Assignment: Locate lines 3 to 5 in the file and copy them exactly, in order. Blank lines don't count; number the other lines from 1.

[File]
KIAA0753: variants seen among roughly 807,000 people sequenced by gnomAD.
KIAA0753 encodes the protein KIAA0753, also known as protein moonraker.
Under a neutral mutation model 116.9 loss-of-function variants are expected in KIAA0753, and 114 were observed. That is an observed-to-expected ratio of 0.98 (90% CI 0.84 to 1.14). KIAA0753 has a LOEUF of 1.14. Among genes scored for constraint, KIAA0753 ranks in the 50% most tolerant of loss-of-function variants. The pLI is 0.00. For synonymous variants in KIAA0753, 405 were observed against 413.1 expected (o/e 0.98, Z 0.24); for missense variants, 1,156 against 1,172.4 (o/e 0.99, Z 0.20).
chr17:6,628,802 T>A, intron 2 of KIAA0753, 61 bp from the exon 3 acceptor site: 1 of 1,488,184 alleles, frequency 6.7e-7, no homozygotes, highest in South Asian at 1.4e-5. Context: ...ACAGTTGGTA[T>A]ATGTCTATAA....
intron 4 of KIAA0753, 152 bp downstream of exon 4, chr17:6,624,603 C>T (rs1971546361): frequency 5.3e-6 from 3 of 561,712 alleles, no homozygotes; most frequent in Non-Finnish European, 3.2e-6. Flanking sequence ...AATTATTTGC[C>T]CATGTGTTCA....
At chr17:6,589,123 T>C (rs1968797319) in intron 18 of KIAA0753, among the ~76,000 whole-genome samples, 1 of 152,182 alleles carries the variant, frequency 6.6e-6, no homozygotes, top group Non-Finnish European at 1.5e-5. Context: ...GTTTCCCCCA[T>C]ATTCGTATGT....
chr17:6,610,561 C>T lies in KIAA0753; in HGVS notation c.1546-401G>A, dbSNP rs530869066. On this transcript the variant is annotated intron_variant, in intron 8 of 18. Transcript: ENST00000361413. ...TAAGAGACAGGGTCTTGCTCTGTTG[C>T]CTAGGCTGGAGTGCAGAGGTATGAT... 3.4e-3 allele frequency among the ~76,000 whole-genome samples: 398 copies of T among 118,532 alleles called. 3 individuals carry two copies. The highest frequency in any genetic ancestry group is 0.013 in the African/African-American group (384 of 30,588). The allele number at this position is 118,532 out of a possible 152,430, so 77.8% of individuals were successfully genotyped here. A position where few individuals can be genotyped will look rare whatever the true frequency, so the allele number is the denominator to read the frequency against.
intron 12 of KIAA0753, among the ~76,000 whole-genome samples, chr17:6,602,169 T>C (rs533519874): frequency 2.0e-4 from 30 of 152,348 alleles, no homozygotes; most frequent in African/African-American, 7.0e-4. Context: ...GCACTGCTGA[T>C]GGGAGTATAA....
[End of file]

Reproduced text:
Under a neutral mutation model 116.9 loss-of-function variants are expected in KIAA0753, and 114 were observed. That is an observed-to-expected ratio of 0.98 (90% CI 0.84 to 1.14). KIAA0753 has a LOEUF of 1.14. Among genes scored for constraint, KIAA0753 ranks in the 50% most tolerant of loss-of-function variants. The pLI is 0.00. For synonymous variants in KIAA0753, 405 were observed against 413.1 expected (o/e 0.98, Z 0.24); for missense variants, 1,156 against 1,172.4 (o/e 0.99, Z 0.20).
chr17:6,628,802 T>A, intron 2 of KIAA0753, 61 bp from the exon 3 acceptor site: 1 of 1,488,184 alleles, frequency 6.7e-7, no homozygotes, highest in South Asian at 1.4e-5. Context: ...ACAGTTGGTA[T>A]ATGTCTATAA....
intron 4 of KIAA0753, 152 bp downstream of exon 4, chr17:6,624,603 C>T (rs1971546361): frequency 5.3e-6 from 3 of 561,712 alleles, no homozygotes; most frequent in Non-Finnish European, 3.2e-6. Flanking sequence ...AATTATTTGC[C>T]CATGTGTTCA....